Preserving an Open Internet

The problem we're discussing here is just one glaring manifestation of a larger, toxic mindset which I see reaching pandemic proportions on-line. It seems to afflict those who are innovators-by-nature most, usually in proportion to their success. How quickly they forget the accelerated learning-curves and ease-of-implementation that the open-source knowledge-base (which originated in the 1970's) provided them. As for ordinary end-users, their obvious willingness to invest their lives in venues like Facebook and Twitter -- in order to get attention, or the illusion of fame – is a sad commentary on our inability to appreciate the value of real-world, face-to-face relationships.

I've been in this biz since 1978 (when 'the Internet' was not much more than a program called UUCP). After spending 20 years (1980-2000) pushing back against a de-facto monopoly over desktop computing – successfully created by Microsoft’s combination of deliberately defective software, and predatory marketing practices -- I can’t fully describe the sick feeling I experienced when I found out Microsoft had picked-off GitHub. (Admittedly, thanks to the brilliance of their new CEO, Satya Nadella.)

 

Unfortunately, in spite of the game-changing contributions made by Google, Netscape, Mozilla, and most of all, Linus Torvalds, I believe the Internet, as we have come to know it over the last couple of decades, is under siege to a degree I never imagined possible. The pursuit of total-hegemony has become the prevailing strategic paradigm, driven primarily by major corporate stake-holders: software, telecom, and hardware -- Intel in particular -- in concert with entrenched public-sector special interests, which recognize the threat an open-global-network poses to the profoundly corrupt, but tacitly sacrosanct status-quo they depend upon, aka: 'geo-political business as usual'.

In a larger sense, its also a war on the right of ordinary people to define and enjoy their own private lives, enabled (ironically) by our ability to operate anonymously on-line. The ability to engage in free-enterprise anonymously effectively weaponizes commerce, by making actual customer relationships a liability, and turns ‘customers’ into a commodity to be exploited. The proof of that is obvious, and its getting worse.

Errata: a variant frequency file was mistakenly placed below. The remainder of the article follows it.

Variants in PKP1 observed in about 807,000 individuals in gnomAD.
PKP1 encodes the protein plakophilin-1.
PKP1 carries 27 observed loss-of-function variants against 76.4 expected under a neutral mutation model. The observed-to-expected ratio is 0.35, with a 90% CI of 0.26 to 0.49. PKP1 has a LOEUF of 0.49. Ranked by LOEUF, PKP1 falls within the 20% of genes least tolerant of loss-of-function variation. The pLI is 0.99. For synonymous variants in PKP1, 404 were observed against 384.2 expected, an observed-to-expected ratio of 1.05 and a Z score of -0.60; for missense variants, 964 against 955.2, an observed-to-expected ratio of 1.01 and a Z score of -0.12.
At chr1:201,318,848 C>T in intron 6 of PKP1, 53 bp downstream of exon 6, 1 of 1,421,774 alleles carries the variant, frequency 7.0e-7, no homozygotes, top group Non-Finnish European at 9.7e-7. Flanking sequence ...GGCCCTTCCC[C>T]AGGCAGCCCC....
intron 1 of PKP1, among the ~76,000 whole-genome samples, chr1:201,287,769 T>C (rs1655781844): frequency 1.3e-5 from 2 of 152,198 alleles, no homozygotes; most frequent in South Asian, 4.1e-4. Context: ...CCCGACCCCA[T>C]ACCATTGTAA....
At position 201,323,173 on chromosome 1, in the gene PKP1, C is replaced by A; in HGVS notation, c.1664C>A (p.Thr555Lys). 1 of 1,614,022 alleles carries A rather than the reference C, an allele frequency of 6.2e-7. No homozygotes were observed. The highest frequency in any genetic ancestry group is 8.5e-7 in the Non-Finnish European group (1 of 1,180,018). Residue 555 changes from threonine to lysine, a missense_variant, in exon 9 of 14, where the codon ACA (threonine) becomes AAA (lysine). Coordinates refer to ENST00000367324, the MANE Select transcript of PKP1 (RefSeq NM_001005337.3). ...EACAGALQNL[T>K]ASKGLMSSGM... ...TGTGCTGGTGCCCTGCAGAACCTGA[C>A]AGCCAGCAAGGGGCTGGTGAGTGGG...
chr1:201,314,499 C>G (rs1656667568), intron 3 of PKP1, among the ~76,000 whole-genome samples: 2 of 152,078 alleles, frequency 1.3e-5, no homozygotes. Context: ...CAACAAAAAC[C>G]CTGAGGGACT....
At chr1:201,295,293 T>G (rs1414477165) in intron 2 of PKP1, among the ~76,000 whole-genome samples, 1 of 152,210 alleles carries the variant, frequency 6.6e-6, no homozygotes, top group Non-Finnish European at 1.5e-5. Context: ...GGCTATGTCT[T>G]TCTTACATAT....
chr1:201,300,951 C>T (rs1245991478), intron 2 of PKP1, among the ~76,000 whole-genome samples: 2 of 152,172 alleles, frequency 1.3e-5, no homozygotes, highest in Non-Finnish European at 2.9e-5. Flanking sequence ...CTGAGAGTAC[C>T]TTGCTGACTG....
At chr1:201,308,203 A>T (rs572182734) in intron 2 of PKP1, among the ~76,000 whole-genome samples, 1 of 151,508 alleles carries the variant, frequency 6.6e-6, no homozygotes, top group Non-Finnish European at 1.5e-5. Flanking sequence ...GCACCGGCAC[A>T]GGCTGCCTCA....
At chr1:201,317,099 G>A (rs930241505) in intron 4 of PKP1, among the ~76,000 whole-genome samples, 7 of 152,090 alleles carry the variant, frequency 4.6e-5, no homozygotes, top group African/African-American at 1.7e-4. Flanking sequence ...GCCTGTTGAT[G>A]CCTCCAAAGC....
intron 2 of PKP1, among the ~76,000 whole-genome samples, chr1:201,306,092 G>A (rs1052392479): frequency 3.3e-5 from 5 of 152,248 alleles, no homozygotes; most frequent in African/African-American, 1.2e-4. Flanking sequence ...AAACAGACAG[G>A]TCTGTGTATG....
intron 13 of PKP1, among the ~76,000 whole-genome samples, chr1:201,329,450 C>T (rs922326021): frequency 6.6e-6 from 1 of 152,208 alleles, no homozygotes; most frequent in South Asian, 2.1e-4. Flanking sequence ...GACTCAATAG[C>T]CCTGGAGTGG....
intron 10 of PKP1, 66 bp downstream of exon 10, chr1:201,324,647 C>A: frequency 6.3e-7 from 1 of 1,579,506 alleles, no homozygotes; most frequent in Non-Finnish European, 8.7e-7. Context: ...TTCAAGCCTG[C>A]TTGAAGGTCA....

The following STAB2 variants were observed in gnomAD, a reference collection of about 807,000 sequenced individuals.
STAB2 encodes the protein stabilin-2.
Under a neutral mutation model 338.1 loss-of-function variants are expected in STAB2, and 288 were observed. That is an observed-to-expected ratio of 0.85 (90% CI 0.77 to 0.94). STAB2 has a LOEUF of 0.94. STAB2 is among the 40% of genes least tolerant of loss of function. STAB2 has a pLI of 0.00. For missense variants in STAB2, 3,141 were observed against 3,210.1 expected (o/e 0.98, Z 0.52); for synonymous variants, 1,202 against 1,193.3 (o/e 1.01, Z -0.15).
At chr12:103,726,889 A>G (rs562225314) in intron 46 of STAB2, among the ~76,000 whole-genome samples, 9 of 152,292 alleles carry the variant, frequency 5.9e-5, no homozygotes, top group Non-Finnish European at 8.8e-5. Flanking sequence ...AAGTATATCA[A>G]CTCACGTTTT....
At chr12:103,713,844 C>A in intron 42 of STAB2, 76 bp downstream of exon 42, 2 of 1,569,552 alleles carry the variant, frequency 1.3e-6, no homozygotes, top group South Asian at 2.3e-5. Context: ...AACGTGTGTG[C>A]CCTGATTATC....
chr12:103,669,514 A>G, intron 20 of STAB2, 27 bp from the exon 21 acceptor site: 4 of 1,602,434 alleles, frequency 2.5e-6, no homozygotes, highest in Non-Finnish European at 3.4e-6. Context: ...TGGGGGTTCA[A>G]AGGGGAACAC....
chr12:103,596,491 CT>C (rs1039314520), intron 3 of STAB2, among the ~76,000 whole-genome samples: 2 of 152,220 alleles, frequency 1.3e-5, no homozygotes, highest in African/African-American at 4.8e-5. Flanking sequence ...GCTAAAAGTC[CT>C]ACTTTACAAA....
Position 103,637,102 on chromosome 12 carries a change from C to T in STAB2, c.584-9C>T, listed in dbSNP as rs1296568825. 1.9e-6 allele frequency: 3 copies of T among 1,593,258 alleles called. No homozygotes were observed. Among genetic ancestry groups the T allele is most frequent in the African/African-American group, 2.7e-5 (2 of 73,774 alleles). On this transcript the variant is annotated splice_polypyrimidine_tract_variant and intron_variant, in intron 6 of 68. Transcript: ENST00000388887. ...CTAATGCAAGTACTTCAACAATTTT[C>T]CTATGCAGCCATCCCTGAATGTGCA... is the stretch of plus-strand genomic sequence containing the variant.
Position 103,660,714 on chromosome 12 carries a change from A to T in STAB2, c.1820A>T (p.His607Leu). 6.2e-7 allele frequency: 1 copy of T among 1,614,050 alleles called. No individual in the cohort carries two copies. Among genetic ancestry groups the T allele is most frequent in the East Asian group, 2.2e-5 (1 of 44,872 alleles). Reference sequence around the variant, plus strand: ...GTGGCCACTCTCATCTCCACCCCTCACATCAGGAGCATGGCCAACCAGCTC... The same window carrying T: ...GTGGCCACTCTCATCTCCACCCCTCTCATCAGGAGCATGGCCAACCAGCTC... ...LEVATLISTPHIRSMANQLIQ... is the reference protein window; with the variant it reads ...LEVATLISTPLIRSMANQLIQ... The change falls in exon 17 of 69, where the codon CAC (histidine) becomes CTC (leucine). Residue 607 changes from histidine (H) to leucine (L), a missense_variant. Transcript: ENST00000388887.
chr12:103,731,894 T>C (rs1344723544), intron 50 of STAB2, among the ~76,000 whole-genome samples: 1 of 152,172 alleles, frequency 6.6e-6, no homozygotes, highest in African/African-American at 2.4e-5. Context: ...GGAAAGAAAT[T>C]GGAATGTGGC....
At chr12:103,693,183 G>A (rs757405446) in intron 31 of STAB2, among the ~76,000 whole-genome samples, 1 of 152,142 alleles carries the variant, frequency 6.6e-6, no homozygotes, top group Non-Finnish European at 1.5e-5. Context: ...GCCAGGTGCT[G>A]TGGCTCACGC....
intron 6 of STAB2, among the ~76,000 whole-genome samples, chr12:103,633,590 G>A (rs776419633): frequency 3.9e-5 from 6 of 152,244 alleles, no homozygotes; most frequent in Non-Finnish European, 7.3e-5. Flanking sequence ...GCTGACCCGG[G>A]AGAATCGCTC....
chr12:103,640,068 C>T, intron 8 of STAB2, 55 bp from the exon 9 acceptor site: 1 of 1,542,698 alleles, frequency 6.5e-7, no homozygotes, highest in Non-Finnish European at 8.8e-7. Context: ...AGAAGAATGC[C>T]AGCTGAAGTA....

An amusing case in point: at first, many large corporate CRM websites, while attempting to totally automate customer-support, found it necessary to augment their automated-decision-trees with on-line chat options, as an alternative to forcing their customers to call an 800-number, and talk to a live person. And unless you pay attention, you may not realize you’re talking (texting) a conversation with an ‘AI-bot’. Lately, I’ve been finding that just indicating you want to have a ‘text conversation’ with a real-person isn’t enough to actually get one. Now, I often have to fight my way through a ‘conversation’ with a ‘virtual person’, just to get into a ‘wait queue’, for a real person.

 

As annoying as those experiences are, the subliminal sub-text (so to speak) is, in my view, a destructive  impulse/strategy, which undermines a core-principle of free enterprise: a mutually agreed upon transaction between two human beings. The message is clear: the objective of the corporate entity is to completely automate all interactions with their customer if possible. And in so doing, they effectively eliminate any last vestige of mutuality in the transaction. If we follow that logic to its absurd extreme, do we not end up with a thoroughly bifurcated civilization, consisting of providers and, consumers, with little or no common-ground?

 

Politically, this trend raises core-questions as to the nature of republican democracy. By imbuing citizens with the default-ability to exploit their First Amendment rights in an ‘anonymous town squareare we not relieving individuals of personal responsibility for their supposed views, and is not that obligation prerequisite to the ‘unalienable right’ itself?

 

Culturally speaking, is it possible that anonymity is also toxic to the formation and preservation of a humane culture? Having grown up in a tight-knit neighborhood in the suburbs of a major west-coast city, I am acutely aware of the material value of real-world, face-to-face relationships. Anyone who has that frame of reference understands the stark difference between an ‘on-line conversation’, and those which take place in the real-world. I wonder if the more recent generations who were born into a world where on-line communication is taken for granted, and perceived to be the dominant, or at least preferred means of communicating with one’s peers, recognize how different the two modes actually are?

 

What to do about it?

1. Recognize what's at stake. Do you really want to live your lives under 24x7 surveillance?
(Searches: dna profiling, facial recognition, drop-boxes, municipal video networks, Argus, mandatory corporate id-profiles, mandatory electronic thumb-prints.)

2. Find a way to support and compensate (legitimate) open-source developers, without turning open-source into a de-facto commercial enterprise.

3. Set aside fantasies of getting rich enough to leave the turmoil of the 21st Century behind – there is no place to hide, we either fix it, or suffer the consequences.